For many people, Shakespeare is reduced to two generally misunderstood quotes from monologues: Hamlet is all “To be or not to be” (which not all hearers may realize is not some existentialist meditation but rather serious suicidal ideation), and Romeo and Juliet is all “Romeo, Romeo, wherefore art thou Romeo?”
Ah, Romeo and Juliet. Two star-crossed lovers. Most of those who haven’t seen or read the play don’t know that Romeo and Juliet actually get married or that they’re both awfully young (Juliet is approaching her fourteenth birthday). And I’d venture to say that most of them don’t know what “wherefore art thou Romeo” means.
The thing is, wherefore just isn’t used today, with some fairly rare and rarefied exceptions. Most people know it only from that phrase. And, now, where does that phrase get uttered in the play? Juliet says it on her balcony, mooning over Romeo, who is lurking below unbeknownst to her. Now, if you’re a girl with a mad crush on a guy and you’re out on a balcony and you don’t know where he is, what’s more plausible: that you’re wondering where he is or pondering why he is? And since wherefore starts with where, the former interpretation seems quite natural, no?
Well, it sure does to a lot of people. I remember seeing a Saturday morning Warner Brothers cartoon where, after Juliet (played by a bird) utters the line, Romeo (another bird) climbs up and says, “I’m here, my love.” For that matter, it seems to have been a suitable reading for whoever wrote the headline for a recent theatre review in the Globe and Mail: “Wherefore art the love, Romeo?” Bonus points on that one for the quite common failure on archaic conjugation (art being of course what goes with thou and certainly not with the love, but the headline writer may have known that and just felt it was worth the joke).
Frankly, I think this word gets a fair amount of wear for one that’s not well understood. But anyone who happens to read or listen to what Juliet says afterwards will be confused if they think wherefore means “where”, as she wishes Romeo could deny his name and she declares “that which we call a rose / By any other name would smell as sweet.” Well, OK, people, what’s the central conflict in the play? Their families are enemies, that’s what! She’s fallen in love with a guy from the wrong gang! Ah! Romeo, Romeo, why you gotta be Romeo, eh? What for are you Romeo? What are you Romeo for? Couldn’t you be called something else?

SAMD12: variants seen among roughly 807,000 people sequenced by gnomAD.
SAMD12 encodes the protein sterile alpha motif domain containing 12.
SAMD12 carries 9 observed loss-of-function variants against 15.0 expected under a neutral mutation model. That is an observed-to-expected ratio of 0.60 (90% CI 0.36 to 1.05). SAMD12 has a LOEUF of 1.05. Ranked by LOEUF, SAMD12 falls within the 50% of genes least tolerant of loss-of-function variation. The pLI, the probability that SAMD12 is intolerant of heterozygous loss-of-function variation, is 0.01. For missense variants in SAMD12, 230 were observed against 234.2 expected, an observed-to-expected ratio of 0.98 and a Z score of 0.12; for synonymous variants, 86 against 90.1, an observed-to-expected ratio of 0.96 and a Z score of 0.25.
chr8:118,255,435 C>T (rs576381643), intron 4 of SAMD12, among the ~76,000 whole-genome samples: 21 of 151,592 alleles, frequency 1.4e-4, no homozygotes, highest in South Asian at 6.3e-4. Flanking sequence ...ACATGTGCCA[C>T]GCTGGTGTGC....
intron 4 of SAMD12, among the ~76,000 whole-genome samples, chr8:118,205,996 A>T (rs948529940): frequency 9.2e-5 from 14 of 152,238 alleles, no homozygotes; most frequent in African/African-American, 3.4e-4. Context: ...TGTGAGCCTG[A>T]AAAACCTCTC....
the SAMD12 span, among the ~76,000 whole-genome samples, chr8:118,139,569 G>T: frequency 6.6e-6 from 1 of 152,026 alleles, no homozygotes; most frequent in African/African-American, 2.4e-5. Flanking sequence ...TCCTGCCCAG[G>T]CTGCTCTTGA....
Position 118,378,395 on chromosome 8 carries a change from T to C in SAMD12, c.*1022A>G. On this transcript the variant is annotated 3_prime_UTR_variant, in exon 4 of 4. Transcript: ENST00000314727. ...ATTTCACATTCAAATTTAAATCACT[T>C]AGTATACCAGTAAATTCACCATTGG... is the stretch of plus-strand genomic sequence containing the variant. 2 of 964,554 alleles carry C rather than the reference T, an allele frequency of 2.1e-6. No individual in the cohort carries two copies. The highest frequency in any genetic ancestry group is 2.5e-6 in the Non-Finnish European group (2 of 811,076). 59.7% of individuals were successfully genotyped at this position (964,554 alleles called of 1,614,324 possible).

Funny, isn’t it, that “What for are you Romeo” sounds so uneducated, whereas “Wherefore art thou Romeo” sounds so high-level – rather at opposite ends of the scale of fiscal wherewithal? At Shakespeare’s time, of course, thou was not a starchy word; it was a normal term one used for one’s equals and inferiors. And wherefore was just a one-word way of saying “for which” or “for what”.
Yes, that fore is really for. And the where? Well, it’s where, but used in the extended sense we see in whereupon and whereby – which mean “upon which” and “by which” (it’s also the where in wherewithal). Wherefore can be a relative pronoun (“He explained to me wherefore he had done it”) or, as we usually see it, an interrogative.
So is this whiffling on wherefore some kind of warfare on the fair words of English, or simply a bonk from a ball out of the blue on the fairway, and where was the “fore”? In fact, as irksome as it is to some, it’s unsurprising – a word that doesn’t get used much anymore is likely to be misunderstood if it looks too much like it means something else. What’s to do? Well, you could always use it more, preferably in contexts that make its meaning clear. But do be aware that everyone you say it to will think of Juliet…